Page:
John Rodgers Burnley, Plaintiff-appellant, v. William W. Eskridge; James P. Jones; John B. Hemmings;stephen M. Hodges; W. Challen Walling; Wade W. Massie;daniel H. Caldwell; Michael F. Blair; William M. Moffet;mark L. Esposito; Elizabeth A. Mcclanhan; Timothy W.gresham; B.l. Conway, Ii; Monroe Jamison, Jr.; H. Ashbydickerson; Byrum L. Geisler; M. Jill Morgan; Kenneth D.hale; Richard E. Ladd, Jr.; W. Bradford Stallard; Josephb. Lyle; Ramesh Murthy; G.r.c. Stuart, Defendants-appellees, 947 F.2d 940 (4th Cir. 1991)Annotate this Case
Appeal from the United States District Court for the Western District of Virginia, at Roanoke. Jackson L. Kiser, District Judge. (CA-91-431-R)
John Rodgers Burnley, appellant pro se.
Before MURNAGHAN and WILKINS, Circuit Judges, BUTZNER, Senior Circuit Judge.
John Rodgers Burnley appeals from the district court's order dismissing as frivolous, under 28 U.S.C. § 1915(d), his civil action commenced under 42 U.S.C. § 1983. We affirm.
The substance of Burnley's complaint was that the members of a law firm employed to represent defendant-employees of Bland Correctional Center in other civil actions Burnley has commenced sent him (Burnley) legal mail in envelopes that did not clearly disclose that the correspondence within came from a law firm. As a result of the allegedly misleading return addresses on the envelopes, correctional center personnel opened Burnley's legal mail in his absence.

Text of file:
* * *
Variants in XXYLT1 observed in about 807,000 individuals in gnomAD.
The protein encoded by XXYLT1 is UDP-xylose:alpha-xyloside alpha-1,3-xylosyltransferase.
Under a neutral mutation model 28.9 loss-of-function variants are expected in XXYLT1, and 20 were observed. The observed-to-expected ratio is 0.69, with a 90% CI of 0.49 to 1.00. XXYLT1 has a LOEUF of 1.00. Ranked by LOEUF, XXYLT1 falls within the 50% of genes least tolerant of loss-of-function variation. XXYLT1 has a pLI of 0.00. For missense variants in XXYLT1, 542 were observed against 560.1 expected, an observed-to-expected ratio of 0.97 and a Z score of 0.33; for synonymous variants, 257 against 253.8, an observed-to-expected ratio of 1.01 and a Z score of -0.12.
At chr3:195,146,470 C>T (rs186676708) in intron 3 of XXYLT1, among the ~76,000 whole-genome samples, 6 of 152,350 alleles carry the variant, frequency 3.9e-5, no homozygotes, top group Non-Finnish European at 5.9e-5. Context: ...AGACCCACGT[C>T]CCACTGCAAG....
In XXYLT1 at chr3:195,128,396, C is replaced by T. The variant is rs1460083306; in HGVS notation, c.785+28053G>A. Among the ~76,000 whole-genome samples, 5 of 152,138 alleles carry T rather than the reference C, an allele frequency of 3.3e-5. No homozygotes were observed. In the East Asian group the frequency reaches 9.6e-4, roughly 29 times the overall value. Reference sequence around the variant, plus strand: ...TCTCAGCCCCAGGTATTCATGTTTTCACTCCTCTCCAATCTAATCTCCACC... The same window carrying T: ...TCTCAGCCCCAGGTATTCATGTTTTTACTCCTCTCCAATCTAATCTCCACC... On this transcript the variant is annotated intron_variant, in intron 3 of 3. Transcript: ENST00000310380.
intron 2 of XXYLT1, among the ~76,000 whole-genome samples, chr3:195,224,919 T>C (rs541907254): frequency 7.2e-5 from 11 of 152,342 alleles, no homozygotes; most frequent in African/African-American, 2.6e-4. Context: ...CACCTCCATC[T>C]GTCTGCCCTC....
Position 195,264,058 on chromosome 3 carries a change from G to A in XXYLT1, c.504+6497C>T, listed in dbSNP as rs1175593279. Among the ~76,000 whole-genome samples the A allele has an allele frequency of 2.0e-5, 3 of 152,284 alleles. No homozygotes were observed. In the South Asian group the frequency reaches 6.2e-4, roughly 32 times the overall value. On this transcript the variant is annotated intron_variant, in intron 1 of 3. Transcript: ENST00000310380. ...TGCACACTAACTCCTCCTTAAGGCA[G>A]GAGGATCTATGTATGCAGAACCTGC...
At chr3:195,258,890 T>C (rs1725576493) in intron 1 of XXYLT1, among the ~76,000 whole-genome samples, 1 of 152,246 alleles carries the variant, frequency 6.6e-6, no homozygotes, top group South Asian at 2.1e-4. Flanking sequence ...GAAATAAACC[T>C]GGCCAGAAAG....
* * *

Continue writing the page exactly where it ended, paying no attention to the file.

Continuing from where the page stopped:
The district court found that the members of the law firm were not acting under color of state law and, thus, were not subject to suit under § 1983. Because the record does not show the relationship between the state and this law firm, specifically whether the state employed this firm to represent the defendant-employees, we have assumed that the law firm members were acting under color of state law. Nevertheless, Burnley's complaint fails because he has no right to demand a proper return address notation on his legal mail. Also, his complaint alleges no harm from the opening of his legal mail. There being no arguable legal basis in support of Burnley's complaint, the district court did not abuse its discretion in dismissing Burnley's civil action.
We dispense with oral argument because the facts and legal contentions are adequately presented in the materials before the Court and argument would not aid the decisional process.